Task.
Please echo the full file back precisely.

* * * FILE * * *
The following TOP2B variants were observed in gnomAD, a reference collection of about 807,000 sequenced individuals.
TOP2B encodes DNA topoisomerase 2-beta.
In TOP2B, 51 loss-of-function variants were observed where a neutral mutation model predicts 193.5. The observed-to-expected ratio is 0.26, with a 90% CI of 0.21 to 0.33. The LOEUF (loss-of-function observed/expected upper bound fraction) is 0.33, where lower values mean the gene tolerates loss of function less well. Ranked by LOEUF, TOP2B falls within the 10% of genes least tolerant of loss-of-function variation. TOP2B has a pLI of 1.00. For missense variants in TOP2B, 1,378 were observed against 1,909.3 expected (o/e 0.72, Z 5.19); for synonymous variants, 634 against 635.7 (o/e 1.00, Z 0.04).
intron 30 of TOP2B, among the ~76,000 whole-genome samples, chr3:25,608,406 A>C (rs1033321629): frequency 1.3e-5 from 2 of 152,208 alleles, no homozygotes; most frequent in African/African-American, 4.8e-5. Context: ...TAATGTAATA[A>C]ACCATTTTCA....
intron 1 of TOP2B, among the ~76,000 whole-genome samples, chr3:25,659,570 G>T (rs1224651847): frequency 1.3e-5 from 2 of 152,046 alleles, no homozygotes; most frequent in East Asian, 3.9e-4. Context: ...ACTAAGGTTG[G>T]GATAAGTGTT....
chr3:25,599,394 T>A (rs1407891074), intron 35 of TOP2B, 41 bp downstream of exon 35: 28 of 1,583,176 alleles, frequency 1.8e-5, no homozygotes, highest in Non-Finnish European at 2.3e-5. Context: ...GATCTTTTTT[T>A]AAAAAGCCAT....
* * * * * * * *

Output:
The following TOP2B variants were observed in gnomAD, a reference collection of about 807,000 sequenced individuals.
TOP2B encodes DNA topoisomerase 2-beta.
In TOP2B, 51 loss-of-function variants were observed where a neutral mutation model predicts 193.5. The observed-to-expected ratio is 0.26, with a 90% CI of 0.21 to 0.33. The LOEUF (loss-of-function observed/expected upper bound fraction) is 0.33, where lower values mean the gene tolerates loss of function less well. Ranked by LOEUF, TOP2B falls within the 10% of genes least tolerant of loss-of-function variation. TOP2B has a pLI of 1.00. For missense variants in TOP2B, 1,378 were observed against 1,909.3 expected (o/e 0.72, Z 5.19); for synonymous variants, 634 against 635.7 (o/e 1.00, Z 0.04).
intron 30 of TOP2B, among the ~76,000 whole-genome samples, chr3:25,608,406 A>C (rs1033321629): frequency 1.3e-5 from 2 of 152,208 alleles, no homozygotes; most frequent in African/African-American, 4.8e-5. Context: ...TAATGTAATA[A>C]ACCATTTTCA....
intron 1 of TOP2B, among the ~76,000 whole-genome samples, chr3:25,659,570 G>T (rs1224651847): frequency 1.3e-5 from 2 of 152,046 alleles, no homozygotes; most frequent in East Asian, 3.9e-4. Context: ...ACTAAGGTTG[G>T]GATAAGTGTT....
chr3:25,599,394 T>A (rs1407891074), intron 35 of TOP2B, 41 bp downstream of exon 35: 28 of 1,583,176 alleles, frequency 1.8e-5, no homozygotes, highest in Non-Finnish European at 2.3e-5. Context: ...GATCTTTTTT[T>A]AAAAAGCCAT....